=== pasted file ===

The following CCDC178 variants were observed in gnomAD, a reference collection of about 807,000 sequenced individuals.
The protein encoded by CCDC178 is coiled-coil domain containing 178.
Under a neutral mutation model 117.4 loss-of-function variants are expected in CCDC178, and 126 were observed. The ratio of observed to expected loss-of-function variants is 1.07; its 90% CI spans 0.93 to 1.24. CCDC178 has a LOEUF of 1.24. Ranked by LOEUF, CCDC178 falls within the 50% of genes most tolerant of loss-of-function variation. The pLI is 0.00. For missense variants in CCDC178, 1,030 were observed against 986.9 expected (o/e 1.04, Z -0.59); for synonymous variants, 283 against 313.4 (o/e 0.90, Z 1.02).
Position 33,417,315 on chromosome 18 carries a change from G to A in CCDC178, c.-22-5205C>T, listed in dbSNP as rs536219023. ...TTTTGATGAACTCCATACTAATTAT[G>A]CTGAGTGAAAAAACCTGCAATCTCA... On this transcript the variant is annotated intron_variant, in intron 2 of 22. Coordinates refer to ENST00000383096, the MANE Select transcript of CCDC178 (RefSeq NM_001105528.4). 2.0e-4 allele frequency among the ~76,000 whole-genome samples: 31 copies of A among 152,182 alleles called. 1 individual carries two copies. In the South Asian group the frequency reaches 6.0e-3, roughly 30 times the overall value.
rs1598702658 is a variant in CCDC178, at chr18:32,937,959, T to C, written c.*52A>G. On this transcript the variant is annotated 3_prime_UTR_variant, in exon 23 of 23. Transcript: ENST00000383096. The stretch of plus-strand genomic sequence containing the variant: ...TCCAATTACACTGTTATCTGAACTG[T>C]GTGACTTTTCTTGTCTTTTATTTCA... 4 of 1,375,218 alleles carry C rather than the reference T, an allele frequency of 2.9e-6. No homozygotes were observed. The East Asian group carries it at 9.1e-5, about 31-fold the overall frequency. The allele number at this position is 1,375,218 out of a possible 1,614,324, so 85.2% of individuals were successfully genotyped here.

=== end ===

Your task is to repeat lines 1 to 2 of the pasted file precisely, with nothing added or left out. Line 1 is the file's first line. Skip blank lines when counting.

The following CCDC178 variants were observed in gnomAD, a reference collection of about 807,000 sequenced individuals.
The protein encoded by CCDC178 is coiled-coil domain containing 178.